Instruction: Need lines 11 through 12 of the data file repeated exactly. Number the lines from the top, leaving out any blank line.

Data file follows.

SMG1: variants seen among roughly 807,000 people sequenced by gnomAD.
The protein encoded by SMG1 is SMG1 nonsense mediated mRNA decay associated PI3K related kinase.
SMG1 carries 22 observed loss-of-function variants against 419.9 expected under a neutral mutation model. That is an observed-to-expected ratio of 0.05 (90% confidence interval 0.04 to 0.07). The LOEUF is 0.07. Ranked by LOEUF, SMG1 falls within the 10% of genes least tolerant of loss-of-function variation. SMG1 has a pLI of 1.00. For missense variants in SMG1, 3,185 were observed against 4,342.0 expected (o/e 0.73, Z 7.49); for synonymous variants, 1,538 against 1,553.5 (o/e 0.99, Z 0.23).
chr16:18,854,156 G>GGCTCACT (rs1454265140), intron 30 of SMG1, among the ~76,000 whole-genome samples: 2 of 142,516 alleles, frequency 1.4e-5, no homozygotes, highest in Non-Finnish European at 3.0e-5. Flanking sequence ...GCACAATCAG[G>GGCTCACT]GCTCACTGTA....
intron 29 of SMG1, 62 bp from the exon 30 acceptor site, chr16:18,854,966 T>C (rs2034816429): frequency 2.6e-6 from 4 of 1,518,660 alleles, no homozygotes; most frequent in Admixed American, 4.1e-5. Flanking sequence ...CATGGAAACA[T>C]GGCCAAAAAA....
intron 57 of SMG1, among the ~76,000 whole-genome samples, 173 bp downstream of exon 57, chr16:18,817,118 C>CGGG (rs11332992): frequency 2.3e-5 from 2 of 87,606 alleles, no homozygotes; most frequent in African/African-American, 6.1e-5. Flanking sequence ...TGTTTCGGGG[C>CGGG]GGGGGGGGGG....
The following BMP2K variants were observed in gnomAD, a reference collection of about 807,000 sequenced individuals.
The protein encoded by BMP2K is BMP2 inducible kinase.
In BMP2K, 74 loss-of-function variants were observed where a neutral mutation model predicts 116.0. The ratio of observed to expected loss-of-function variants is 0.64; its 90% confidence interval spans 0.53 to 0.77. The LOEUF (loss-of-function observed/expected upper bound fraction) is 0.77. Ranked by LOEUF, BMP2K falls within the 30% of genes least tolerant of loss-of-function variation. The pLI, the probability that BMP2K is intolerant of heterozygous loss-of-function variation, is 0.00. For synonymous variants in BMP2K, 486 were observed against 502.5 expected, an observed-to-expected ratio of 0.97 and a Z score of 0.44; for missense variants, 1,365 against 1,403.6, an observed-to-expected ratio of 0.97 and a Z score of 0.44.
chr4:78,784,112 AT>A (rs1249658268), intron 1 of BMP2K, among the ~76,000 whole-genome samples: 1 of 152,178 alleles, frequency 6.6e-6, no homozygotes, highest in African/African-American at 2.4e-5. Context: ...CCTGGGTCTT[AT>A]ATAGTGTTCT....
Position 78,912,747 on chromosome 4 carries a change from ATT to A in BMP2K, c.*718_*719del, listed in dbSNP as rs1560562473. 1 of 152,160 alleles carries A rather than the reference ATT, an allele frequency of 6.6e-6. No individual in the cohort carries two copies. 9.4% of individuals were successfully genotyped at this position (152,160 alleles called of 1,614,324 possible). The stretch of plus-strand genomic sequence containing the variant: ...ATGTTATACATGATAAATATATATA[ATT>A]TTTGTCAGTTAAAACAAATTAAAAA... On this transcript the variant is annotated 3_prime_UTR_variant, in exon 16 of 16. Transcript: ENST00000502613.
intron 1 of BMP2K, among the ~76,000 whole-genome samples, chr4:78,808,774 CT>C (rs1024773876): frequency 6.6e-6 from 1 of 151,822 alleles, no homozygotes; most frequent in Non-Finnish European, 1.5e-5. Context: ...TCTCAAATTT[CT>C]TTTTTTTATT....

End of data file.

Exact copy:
Position 78,912,747 on chromosome 4 carries a change from ATT to A in BMP2K, c.*718_*719del, listed in dbSNP as rs1560562473. 1 of 152,160 alleles carries A rather than the reference ATT, an allele frequency of 6.6e-6. No individual in the cohort carries two copies. 9.4% of individuals were successfully genotyped at this position (152,160 alleles called of 1,614,324 possible). The stretch of plus-strand genomic sequence containing the variant: ...ATGTTATACATGATAAATATATATA[ATT>A]TTTGTCAGTTAAAACAAATTAAAAA... On this transcript the variant is annotated 3_prime_UTR_variant, in exon 16 of 16. Transcript: ENST00000502613.
intron 1 of BMP2K, among the ~76,000 whole-genome samples, chr4:78,808,774 CT>C (rs1024773876): frequency 6.6e-6 from 1 of 151,822 alleles, no homozygotes; most frequent in Non-Finnish European, 1.5e-5. Context: ...TCTCAAATTT[CT>C]TTTTTTTATT....